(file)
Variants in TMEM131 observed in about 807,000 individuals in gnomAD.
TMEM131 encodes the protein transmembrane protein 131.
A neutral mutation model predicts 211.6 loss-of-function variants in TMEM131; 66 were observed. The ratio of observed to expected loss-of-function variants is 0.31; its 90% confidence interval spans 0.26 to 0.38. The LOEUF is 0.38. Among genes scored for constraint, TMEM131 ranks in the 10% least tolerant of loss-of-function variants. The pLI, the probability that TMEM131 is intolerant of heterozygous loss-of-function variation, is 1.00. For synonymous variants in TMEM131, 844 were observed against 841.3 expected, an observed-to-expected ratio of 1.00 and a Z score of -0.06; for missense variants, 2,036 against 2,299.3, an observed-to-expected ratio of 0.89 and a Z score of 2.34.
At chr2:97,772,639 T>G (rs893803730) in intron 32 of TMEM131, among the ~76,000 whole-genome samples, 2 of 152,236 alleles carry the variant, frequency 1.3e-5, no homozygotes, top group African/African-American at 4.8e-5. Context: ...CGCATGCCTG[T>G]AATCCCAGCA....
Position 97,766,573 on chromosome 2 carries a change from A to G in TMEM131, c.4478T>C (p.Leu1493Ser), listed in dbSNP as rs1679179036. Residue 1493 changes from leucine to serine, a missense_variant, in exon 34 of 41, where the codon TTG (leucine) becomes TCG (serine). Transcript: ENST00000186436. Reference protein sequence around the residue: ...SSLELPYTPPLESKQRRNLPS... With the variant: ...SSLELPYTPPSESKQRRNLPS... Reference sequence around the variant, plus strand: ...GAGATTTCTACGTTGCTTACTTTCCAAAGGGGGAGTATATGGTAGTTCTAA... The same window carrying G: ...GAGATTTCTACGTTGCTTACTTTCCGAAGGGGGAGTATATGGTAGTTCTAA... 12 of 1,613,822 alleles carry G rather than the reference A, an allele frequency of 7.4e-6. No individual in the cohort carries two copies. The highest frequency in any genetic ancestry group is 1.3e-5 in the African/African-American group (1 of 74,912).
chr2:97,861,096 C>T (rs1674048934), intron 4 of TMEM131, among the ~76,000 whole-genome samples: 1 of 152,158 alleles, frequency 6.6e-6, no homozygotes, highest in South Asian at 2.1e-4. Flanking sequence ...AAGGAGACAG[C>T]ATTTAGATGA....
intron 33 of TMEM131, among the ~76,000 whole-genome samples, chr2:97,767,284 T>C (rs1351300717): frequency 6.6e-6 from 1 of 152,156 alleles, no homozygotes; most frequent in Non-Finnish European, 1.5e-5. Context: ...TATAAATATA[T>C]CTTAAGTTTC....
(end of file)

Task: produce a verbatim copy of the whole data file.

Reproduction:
Variants in TMEM131 observed in about 807,000 individuals in gnomAD.
TMEM131 encodes the protein transmembrane protein 131.
A neutral mutation model predicts 211.6 loss-of-function variants in TMEM131; 66 were observed. The ratio of observed to expected loss-of-function variants is 0.31; its 90% confidence interval spans 0.26 to 0.38. The LOEUF is 0.38. Among genes scored for constraint, TMEM131 ranks in the 10% least tolerant of loss-of-function variants. The pLI, the probability that TMEM131 is intolerant of heterozygous loss-of-function variation, is 1.00. For synonymous variants in TMEM131, 844 were observed against 841.3 expected, an observed-to-expected ratio of 1.00 and a Z score of -0.06; for missense variants, 2,036 against 2,299.3, an observed-to-expected ratio of 0.89 and a Z score of 2.34.
At chr2:97,772,639 T>G (rs893803730) in intron 32 of TMEM131, among the ~76,000 whole-genome samples, 2 of 152,236 alleles carry the variant, frequency 1.3e-5, no homozygotes, top group African/African-American at 4.8e-5. Context: ...CGCATGCCTG[T>G]AATCCCAGCA....
Position 97,766,573 on chromosome 2 carries a change from A to G in TMEM131, c.4478T>C (p.Leu1493Ser), listed in dbSNP as rs1679179036. Residue 1493 changes from leucine to serine, a missense_variant, in exon 34 of 41, where the codon TTG (leucine) becomes TCG (serine). Transcript: ENST00000186436. Reference protein sequence around the residue: ...SSLELPYTPPLESKQRRNLPS... With the variant: ...SSLELPYTPPSESKQRRNLPS... Reference sequence around the variant, plus strand: ...GAGATTTCTACGTTGCTTACTTTCCAAAGGGGGAGTATATGGTAGTTCTAA... The same window carrying G: ...GAGATTTCTACGTTGCTTACTTTCCGAAGGGGGAGTATATGGTAGTTCTAA... 12 of 1,613,822 alleles carry G rather than the reference A, an allele frequency of 7.4e-6. No individual in the cohort carries two copies. The highest frequency in any genetic ancestry group is 1.3e-5 in the African/African-American group (1 of 74,912).
chr2:97,861,096 C>T (rs1674048934), intron 4 of TMEM131, among the ~76,000 whole-genome samples: 1 of 152,158 alleles, frequency 6.6e-6, no homozygotes, highest in South Asian at 2.1e-4. Flanking sequence ...AAGGAGACAG[C>T]ATTTAGATGA....
intron 33 of TMEM131, among the ~76,000 whole-genome samples, chr2:97,767,284 T>C (rs1351300717): frequency 6.6e-6 from 1 of 152,156 alleles, no homozygotes; most frequent in Non-Finnish European, 1.5e-5. Context: ...TATAAATATA[T>C]CTTAAGTTTC....